4 Things Your Employees Need to Know About Social Engineering

From opening scam emails to visiting malicious websites, most employees are not properly vetted on the dos and don’ts of cyber security. During 2017, social engineering was found to be the most frequent and successful method of cyber attacks on small-to-medium-size businesses. Social engineering exploits human behavior, bypassing any security software and firewalls that are in place. This does not mean that businesses should stop using such security measures, but rather proper employee training should be added to the plan. Teach your employees these four things about social engineering to dodge the most frequent cyber attacks.

1. Consider the email’s source and topic.

It is all too easy to fall for the tricks of a phishing email by opening an attachment or clicking a link, both of which can introduce malware to your device and give cybercriminals remote access. Before opening an email, ask yourself these questions:

  • Is the sender’s email address spelled correctly? If not, that is a giveaway. Delete it.
  • If there are attachments, were you expecting a document from this sender?
  • Do you usually receive emails from this contact?
  • Is there a threat or note of urgency in the subject line?

Don’t take chances with emails. If something seems strange, it probably is strange.

2. Recognize the characteristics of a phishing email.

If you decide the email’s source and topic do not appear threatening, there are still characteristics you will want to look for within the body. Should red flags arise, do not click any links nor open attachments.

  • Is there a tone of urgency?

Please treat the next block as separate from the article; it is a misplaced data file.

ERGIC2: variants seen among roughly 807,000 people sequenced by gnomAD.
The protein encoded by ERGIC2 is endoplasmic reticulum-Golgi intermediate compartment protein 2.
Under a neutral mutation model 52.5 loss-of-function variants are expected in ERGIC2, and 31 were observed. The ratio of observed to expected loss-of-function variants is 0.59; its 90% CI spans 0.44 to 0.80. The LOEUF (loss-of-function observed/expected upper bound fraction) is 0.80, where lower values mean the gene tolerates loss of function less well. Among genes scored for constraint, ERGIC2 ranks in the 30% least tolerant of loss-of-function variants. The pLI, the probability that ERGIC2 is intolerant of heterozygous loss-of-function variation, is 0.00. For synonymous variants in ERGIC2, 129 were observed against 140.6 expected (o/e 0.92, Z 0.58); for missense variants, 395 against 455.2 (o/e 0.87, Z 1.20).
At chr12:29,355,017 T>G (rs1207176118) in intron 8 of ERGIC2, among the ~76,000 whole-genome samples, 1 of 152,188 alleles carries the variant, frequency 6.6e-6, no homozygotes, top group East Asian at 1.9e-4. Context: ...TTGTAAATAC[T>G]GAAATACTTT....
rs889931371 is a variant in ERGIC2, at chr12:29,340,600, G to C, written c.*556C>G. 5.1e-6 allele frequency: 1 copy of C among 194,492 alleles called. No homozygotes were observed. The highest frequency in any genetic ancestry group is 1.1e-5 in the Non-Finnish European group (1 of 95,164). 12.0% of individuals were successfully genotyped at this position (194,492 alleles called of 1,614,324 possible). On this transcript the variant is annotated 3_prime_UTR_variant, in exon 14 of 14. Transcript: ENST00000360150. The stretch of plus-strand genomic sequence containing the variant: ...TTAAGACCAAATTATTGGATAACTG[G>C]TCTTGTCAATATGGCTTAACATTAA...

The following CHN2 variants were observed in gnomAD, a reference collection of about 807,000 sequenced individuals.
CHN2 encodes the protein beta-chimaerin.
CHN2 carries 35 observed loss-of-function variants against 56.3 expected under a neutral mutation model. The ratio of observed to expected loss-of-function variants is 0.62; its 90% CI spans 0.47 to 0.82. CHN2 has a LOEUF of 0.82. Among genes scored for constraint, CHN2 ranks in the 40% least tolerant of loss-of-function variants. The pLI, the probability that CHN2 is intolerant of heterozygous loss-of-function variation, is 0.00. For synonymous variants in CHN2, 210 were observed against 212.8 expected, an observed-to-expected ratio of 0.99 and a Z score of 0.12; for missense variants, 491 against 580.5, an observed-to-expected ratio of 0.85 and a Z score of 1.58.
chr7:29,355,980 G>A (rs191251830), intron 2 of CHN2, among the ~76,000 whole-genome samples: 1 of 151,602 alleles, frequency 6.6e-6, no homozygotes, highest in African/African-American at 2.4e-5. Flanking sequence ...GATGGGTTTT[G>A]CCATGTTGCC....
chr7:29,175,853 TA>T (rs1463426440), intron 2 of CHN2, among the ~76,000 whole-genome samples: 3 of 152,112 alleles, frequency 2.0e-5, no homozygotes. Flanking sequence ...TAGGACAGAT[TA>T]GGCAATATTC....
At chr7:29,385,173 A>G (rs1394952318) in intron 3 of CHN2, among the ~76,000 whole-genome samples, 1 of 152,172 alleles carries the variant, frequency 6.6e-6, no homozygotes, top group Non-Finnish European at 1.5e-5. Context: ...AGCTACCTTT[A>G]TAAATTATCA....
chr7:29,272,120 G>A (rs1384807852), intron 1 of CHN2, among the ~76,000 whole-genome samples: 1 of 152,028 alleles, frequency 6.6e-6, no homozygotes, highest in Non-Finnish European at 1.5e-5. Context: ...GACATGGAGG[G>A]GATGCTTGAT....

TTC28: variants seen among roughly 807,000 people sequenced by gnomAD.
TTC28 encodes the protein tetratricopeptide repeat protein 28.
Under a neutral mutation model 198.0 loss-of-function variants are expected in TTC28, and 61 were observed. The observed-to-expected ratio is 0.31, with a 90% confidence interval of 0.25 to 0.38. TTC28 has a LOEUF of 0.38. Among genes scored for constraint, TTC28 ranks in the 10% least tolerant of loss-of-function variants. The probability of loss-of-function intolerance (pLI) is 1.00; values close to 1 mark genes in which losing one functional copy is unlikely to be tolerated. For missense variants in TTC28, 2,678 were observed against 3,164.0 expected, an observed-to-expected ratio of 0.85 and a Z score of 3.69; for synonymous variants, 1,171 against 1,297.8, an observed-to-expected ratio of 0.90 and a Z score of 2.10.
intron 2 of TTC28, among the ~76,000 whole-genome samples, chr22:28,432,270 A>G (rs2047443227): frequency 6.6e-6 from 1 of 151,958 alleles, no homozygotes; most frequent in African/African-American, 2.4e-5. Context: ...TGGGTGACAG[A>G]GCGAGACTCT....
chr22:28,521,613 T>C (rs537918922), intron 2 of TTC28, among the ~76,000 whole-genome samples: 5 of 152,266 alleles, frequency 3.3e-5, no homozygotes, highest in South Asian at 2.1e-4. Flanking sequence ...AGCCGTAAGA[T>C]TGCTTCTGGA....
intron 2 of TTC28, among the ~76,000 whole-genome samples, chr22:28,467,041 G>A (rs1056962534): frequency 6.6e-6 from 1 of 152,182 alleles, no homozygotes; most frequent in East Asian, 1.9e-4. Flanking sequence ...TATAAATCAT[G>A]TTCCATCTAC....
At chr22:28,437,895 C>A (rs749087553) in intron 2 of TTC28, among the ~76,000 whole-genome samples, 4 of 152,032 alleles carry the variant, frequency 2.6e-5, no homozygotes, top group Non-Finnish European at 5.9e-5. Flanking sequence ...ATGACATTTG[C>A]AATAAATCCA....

• Does it contain poor grammar or misspellings?
  • If there are links to the company’s website on the page, do they match the sender’s email? Employees are usually given emails with the title of the company.

3. Check URL spelling before you search.

Unfortunately, the punishment does not fit the crime when you spell a domain name wrong and find yourself on an insecure website. Typing [dot]cm instead of [dot]com may land you on a “typosquatting” domain, which was set up for the purpose of catching people who make this mistake. If you have the proper protection in place, you may get off with malware alerts and sweepstake pop-ups. It should go without saying, do not engage these pop-ups. To minimize risk, save websites you frequent to your dashboard.

4. Identify pretexting.

Pretexting, which can be done through email, over the phone and even in person, involves the impersonation of anyone that may inspire action. These attacks require less technical skill and more research on the part of the criminal. An attack of this nature targeted at a small business could look like an unexpected invoice from a supplier or service company, claiming they didn’t receive a payment. This should be especially suspicious if they are providing a new way to pay. In this case, contact the requesting company directly rather than engaging with the request.

No amount of anti-virus software can keep your company safe if you or your employees are not aware of common social engineering methods. Some security companies offer social engineering assessments, which include a test to see how informed employees are and a plan to help improve security. Consider making cyber security training a part of your employee development plan. Encourage your employees to learn the signs of social engineering and your company will be much safer!

John Ciarlone is a committed husband, father and fan of anything Star Wars. He is also the V.P. of Sales and Marketing for Hummingbird Networks, a woman-owned tech company that helps businesses build secure and scalable networks. As a bonus security tip, he recommends not sharing passwords through email. It’s just better that way.

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